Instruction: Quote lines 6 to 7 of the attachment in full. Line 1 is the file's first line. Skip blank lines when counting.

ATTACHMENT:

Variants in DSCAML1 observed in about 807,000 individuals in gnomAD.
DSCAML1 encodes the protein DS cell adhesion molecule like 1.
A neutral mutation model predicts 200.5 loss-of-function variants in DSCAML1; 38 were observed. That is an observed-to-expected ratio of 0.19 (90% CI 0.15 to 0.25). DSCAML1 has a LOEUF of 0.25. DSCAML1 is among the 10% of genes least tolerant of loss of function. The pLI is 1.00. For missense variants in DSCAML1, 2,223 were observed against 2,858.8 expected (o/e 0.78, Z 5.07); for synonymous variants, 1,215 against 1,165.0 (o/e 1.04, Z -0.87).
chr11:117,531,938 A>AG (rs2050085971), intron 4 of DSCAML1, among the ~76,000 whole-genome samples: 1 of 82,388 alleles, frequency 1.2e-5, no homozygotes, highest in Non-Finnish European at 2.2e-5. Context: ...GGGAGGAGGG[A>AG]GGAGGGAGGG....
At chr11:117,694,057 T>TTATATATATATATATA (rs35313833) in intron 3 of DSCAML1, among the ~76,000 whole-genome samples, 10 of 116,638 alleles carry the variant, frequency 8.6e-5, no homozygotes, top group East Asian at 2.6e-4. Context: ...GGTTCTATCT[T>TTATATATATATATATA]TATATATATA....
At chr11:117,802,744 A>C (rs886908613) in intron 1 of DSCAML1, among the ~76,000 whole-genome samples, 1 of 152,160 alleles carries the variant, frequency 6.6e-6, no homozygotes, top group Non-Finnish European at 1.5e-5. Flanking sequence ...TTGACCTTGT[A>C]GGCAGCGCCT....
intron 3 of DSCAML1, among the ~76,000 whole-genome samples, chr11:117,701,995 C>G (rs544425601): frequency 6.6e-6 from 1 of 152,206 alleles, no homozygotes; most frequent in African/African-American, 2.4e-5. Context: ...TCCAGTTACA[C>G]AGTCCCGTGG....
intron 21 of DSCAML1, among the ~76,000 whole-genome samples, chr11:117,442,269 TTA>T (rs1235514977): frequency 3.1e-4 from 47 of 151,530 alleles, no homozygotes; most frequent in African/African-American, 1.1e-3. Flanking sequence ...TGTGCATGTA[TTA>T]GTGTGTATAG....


At chr11:117,802,744 A>C (rs886908613) in intron 1 of DSCAML1, among the ~76,000 whole-genome samples, 1 of 152,160 alleles carries the variant, frequency 6.6e-6, no homozygotes, top group Non-Finnish European at 1.5e-5. Flanking sequence ...TTGACCTTGT[A>C]GGCAGCGCCT....
intron 3 of DSCAML1, among the ~76,000 whole-genome samples, chr11:117,701,995 C>G (rs544425601): frequency 6.6e-6 from 1 of 152,206 alleles, no homozygotes; most frequent in African/African-American, 2.4e-5. Context: ...TCCAGTTACA[C>G]AGTCCCGTGG....